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Media Ignores Facts About Pompano FL Mosque

From the criminally uninformed reporters at Florida’s Sun-Sentinel:

Pompano mosque dispute sheds light on split between blacks, Muslims

By Gregory Lewis
South Florida Sun-Sentinel

July 16, 2006

There was a time when many black Americans and Muslims got along because of shared experiences of fighting discrimination.

They meshed in black neighborhoods when Arab businesses opened in many urban cities, extending credit and sometimes jobs to poor African-Americans.

So when black people in Pompano Beach opposed a mosque’s planned move to their community and the outspoken Rev. O’Neal Dozier called Islam "a cult," many were stunned.

That unsettles people like Genard Hassell, who wonders how a black preacher can condemn another religion and lead an effort to bar other minorities from the neighborhood.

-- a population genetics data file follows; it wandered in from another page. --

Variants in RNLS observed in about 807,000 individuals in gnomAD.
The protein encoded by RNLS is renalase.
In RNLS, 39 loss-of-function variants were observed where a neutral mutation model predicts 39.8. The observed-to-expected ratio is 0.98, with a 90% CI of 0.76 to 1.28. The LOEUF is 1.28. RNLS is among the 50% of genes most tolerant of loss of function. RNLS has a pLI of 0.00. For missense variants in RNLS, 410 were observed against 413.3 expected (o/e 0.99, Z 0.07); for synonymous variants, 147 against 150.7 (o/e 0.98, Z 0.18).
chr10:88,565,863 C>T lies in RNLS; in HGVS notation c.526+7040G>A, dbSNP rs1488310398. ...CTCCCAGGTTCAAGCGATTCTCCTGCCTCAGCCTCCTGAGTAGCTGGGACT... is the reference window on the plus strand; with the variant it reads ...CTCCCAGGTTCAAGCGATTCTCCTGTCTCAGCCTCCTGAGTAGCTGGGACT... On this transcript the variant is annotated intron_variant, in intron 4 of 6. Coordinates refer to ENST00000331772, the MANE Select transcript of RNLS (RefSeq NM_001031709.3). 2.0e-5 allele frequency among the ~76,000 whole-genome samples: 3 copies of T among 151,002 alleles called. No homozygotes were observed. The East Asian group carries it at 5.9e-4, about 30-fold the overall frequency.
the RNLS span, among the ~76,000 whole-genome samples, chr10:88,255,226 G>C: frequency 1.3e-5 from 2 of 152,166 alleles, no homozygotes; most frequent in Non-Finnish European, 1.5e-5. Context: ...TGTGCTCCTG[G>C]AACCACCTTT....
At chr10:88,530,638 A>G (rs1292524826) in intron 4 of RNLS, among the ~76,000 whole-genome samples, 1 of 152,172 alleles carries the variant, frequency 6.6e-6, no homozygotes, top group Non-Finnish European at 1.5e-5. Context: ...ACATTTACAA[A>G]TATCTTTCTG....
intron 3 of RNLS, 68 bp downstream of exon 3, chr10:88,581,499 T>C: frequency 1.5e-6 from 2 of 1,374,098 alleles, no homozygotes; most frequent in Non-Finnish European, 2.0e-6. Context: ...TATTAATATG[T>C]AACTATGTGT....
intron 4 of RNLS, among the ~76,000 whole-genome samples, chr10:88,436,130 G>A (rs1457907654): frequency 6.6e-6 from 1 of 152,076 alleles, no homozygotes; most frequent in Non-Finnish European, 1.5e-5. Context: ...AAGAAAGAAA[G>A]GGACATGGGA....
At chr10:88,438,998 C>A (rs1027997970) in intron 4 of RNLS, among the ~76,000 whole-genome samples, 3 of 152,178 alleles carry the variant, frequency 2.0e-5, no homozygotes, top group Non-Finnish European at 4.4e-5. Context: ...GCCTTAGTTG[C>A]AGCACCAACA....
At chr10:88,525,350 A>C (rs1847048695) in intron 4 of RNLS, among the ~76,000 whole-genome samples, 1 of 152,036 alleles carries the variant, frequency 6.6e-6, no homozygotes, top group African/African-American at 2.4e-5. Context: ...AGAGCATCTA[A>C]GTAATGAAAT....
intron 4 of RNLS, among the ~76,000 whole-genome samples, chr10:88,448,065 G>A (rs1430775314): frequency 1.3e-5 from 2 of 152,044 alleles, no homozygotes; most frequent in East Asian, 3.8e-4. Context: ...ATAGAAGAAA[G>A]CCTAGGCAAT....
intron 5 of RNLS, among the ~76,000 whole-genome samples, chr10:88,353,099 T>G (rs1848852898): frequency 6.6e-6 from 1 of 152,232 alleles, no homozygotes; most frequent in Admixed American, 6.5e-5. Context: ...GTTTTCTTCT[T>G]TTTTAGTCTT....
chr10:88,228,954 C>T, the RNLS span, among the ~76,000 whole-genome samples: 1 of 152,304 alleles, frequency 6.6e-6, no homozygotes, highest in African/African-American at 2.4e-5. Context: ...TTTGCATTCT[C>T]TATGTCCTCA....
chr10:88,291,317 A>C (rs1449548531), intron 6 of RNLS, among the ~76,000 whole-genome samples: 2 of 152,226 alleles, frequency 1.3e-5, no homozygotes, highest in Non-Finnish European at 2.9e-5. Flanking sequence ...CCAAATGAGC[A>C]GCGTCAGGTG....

"Martin Luther King must be turning over in his grave," said Hassell, 45, a Lauderhill paralegal. "Dozier sounds like an old South Mississippi bigot of my youth. We of all people should understand that."

Such harsh characterizations have resounded throughout the county.

"I’m surprised by all this rhetoric," said Cory Perez-Shade, chairwoman of the Broward County Diversity Advisory Board. "I considered African-Americans to be empathetic with other people."

Much of the dispute centers on the mistrust blacks in Pompano Beach have for Arab storekeepers. Some residents say the storeowners disrespect customers, overcharge for items and some sell tobacco and alcohol to minors.

That has affected how some black residents view Muslims, many of whom are immigrants and minorities. Muslims can be of any racial group.

"They don’t contribute a nickel to any cause in terms of improving the community," Pompano Beach Commissioner E. Pat Larkins said of Arab-American proprietors. "Most black folks see them as people that come in to rape the community and go away."

Muslim leaders say black community residents should be glad they have those businesses. "The very fact that a Muslim person is brave enough to come into a neighborhood that most other business owners will not come into is very commendable," said Altaf Ali, executive director of the Council On American-Islamic Relations.